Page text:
Detroit I: Deaccessioning DIA
September 4, 2013


I recently visited Detroit on a whirlwind trip.  As it was so jampacked, I hope to write about it in bits.

In preparation, I had been reading Jerry Herron’s elegiac homage to Detroit in I Remember Detroit (2004).  Herron describes Detroit’s varied history as being a reflection of America’s confrontation with, and answer to, itself.  For example, in the late 1920s, Detroit was touted as the “city of tomorrow”—at that time, Detroit was viewed as a place that reflected only the future, and neither the past nor the present.

Measuring “six times the land mass of Manhattan but is now home to only 700,000 people, down from 1.8 million”, should the Detroit of today be re-built?  And if so, in what way?  Now that Detroit is seeking bankruptcy protection, an interesting question that has arisen is whether the art collection of the Detroit Institute of Arts (DIA) should be deaccessioned to satisfy the city’s creditors.  At issue is whether the collection of a non-profit museum should be used as an asset class—similar to any other—or whether it should be treated differently.

I’d like to think that it’s possible to answer the above question in a way that allows DIA to uphold its charitable mission by holding its collection in the public trust.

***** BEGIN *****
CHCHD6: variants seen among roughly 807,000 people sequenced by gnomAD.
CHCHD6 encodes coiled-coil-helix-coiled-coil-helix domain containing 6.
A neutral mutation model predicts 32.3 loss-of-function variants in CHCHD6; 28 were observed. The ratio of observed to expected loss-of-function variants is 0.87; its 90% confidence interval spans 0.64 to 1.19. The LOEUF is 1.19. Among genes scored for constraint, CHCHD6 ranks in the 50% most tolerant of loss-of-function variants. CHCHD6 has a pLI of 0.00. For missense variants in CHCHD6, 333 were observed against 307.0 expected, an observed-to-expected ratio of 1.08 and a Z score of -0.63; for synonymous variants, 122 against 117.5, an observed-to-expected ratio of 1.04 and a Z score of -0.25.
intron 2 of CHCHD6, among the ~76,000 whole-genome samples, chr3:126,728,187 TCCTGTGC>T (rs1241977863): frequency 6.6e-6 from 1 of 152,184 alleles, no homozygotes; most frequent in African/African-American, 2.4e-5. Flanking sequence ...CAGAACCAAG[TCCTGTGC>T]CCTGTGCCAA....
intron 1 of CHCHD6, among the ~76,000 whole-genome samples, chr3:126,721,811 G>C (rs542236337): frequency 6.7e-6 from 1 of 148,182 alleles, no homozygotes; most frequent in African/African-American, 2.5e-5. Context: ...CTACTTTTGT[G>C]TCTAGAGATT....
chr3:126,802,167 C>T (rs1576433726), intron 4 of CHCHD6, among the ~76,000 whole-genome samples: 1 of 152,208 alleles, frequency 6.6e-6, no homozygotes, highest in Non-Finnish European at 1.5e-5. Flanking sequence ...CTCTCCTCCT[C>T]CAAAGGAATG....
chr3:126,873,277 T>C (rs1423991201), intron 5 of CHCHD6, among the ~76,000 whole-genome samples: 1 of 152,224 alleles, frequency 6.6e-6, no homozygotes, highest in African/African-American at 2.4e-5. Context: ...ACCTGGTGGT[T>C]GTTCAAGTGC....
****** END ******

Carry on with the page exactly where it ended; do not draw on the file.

According to Georgetown Law Professor Adam Levitin, bankruptcy law does not require the liquidation of cities.  In other words, "[c]reditors can no more force the liquidation of Detroit’s art collection than they can its playgrounds, fire stations or historic monuments.”  Therefore, while the DIA’s holdings of Picasso portraits could be sold off if Detroit's bankruptcy plan includes these paintings, they do not legally have to be.

Furthermore, from a best practice standpoint, if a museum is a member of the Association of Art Museum Directors (AAMD) or the American Alliance of Museums (AAM), it should consider guidelines put forth by these organizations when considering deaccessions.  For example, two fundamental deaccession principles set forth by AAMD are the improvement of the museum's collection and support of its mission, and that the proceeds from a deaccessioned work are used to acquire other works (and are not to be used for operating expenses).  (AAM's Code of Ethics can be found here.)

Perhaps most importantly, there may be even economic reasons to prioritize maintaining the DIA’s assets over the city's other assets.  If Detroit, true to its motto of Speramus Meliora; Resurget Cineribus (“We hope for better things, it shall rise from the ashes”) rises again, maintaining a significant art collection (including Diego Rivera’s Detroit Industry frescoes), may be important to ensure that tourists visit the city.